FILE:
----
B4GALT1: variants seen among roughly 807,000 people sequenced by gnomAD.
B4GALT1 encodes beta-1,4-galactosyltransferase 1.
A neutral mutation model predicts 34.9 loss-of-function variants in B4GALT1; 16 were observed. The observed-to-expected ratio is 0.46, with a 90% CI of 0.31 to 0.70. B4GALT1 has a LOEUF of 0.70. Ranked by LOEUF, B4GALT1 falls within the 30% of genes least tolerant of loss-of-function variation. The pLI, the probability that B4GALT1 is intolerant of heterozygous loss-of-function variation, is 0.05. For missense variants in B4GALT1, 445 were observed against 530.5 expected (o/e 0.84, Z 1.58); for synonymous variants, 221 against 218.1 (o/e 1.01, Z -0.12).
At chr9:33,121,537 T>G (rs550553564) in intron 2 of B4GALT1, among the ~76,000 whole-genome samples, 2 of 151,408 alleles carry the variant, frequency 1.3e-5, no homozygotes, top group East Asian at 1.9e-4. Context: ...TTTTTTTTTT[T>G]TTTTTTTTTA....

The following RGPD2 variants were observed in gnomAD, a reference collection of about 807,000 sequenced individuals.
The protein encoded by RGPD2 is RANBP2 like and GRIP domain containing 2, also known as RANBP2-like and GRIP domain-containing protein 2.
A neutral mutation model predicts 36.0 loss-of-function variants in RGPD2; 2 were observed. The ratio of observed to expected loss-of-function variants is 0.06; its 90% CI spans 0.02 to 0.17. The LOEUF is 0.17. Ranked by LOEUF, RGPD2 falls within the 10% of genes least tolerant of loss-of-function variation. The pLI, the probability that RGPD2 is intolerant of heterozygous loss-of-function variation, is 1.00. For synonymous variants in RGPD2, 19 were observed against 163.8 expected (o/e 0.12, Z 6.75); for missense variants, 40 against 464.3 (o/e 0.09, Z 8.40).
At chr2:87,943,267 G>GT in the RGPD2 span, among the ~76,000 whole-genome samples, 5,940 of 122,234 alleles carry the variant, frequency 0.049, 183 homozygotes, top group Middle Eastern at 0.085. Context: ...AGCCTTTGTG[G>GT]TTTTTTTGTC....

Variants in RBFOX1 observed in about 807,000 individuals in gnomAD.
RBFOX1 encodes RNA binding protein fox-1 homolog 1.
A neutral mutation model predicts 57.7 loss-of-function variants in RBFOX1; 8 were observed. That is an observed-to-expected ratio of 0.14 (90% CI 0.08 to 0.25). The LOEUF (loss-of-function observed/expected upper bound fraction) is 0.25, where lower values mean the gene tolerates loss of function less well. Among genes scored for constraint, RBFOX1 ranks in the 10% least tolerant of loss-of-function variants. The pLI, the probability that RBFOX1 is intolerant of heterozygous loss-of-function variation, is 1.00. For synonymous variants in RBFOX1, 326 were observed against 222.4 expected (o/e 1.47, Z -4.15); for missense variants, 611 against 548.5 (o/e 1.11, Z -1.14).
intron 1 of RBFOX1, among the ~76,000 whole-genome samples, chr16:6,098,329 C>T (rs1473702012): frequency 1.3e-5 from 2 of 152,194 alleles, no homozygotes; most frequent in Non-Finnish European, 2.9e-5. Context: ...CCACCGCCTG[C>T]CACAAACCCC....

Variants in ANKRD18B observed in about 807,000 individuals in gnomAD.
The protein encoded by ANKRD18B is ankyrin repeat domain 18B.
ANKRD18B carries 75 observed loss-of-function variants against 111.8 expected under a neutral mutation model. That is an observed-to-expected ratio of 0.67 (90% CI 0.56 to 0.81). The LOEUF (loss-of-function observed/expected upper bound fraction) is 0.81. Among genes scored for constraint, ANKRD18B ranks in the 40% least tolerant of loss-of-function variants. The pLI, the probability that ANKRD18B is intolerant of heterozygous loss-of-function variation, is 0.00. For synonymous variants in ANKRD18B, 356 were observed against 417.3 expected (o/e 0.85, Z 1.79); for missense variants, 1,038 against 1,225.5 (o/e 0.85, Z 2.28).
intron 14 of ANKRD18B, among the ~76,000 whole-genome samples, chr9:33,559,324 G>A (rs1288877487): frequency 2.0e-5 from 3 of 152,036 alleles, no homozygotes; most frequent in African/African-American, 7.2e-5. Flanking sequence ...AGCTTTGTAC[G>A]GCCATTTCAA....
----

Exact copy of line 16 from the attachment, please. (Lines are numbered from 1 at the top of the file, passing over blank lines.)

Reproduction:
intron 14 of ANKRD18B, among the ~76,000 whole-genome samples, chr9:33,559,324 G>A (rs1288877487): frequency 2.0e-5 from 3 of 152,036 alleles, no homozygotes; most frequent in African/African-American, 7.2e-5. Flanking sequence ...AGCTTTGTAC[G>A]GCCATTTCAA....